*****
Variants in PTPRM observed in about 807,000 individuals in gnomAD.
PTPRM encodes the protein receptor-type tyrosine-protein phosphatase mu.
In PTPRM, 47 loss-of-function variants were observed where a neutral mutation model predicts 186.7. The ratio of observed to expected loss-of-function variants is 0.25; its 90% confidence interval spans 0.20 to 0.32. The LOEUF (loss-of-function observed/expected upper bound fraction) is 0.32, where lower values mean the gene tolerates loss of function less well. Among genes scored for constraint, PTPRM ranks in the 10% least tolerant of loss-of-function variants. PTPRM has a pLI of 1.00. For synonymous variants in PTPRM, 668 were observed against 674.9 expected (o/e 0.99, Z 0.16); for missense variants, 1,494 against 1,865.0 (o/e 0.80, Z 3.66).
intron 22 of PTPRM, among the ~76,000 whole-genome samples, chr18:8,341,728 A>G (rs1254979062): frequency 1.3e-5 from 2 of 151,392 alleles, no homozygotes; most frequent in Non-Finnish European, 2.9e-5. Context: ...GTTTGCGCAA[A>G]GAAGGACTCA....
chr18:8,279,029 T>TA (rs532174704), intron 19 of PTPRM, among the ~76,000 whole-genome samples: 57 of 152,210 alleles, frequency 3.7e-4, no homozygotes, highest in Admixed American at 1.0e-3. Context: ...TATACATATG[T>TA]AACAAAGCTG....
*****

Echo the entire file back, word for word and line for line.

Variants in PTPRM observed in about 807,000 individuals in gnomAD.
PTPRM encodes the protein receptor-type tyrosine-protein phosphatase mu.
In PTPRM, 47 loss-of-function variants were observed where a neutral mutation model predicts 186.7. The ratio of observed to expected loss-of-function variants is 0.25; its 90% confidence interval spans 0.20 to 0.32. The LOEUF (loss-of-function observed/expected upper bound fraction) is 0.32, where lower values mean the gene tolerates loss of function less well. Among genes scored for constraint, PTPRM ranks in the 10% least tolerant of loss-of-function variants. PTPRM has a pLI of 1.00. For synonymous variants in PTPRM, 668 were observed against 674.9 expected (o/e 0.99, Z 0.16); for missense variants, 1,494 against 1,865.0 (o/e 0.80, Z 3.66).
intron 22 of PTPRM, among the ~76,000 whole-genome samples, chr18:8,341,728 A>G (rs1254979062): frequency 1.3e-5 from 2 of 151,392 alleles, no homozygotes; most frequent in Non-Finnish European, 2.9e-5. Context: ...GTTTGCGCAA[A>G]GAAGGACTCA....
chr18:8,279,029 T>TA (rs532174704), intron 19 of PTPRM, among the ~76,000 whole-genome samples: 57 of 152,210 alleles, frequency 3.7e-4, no homozygotes, highest in Admixed American at 1.0e-3. Context: ...TATACATATG[T>TA]AACAAAGCTG....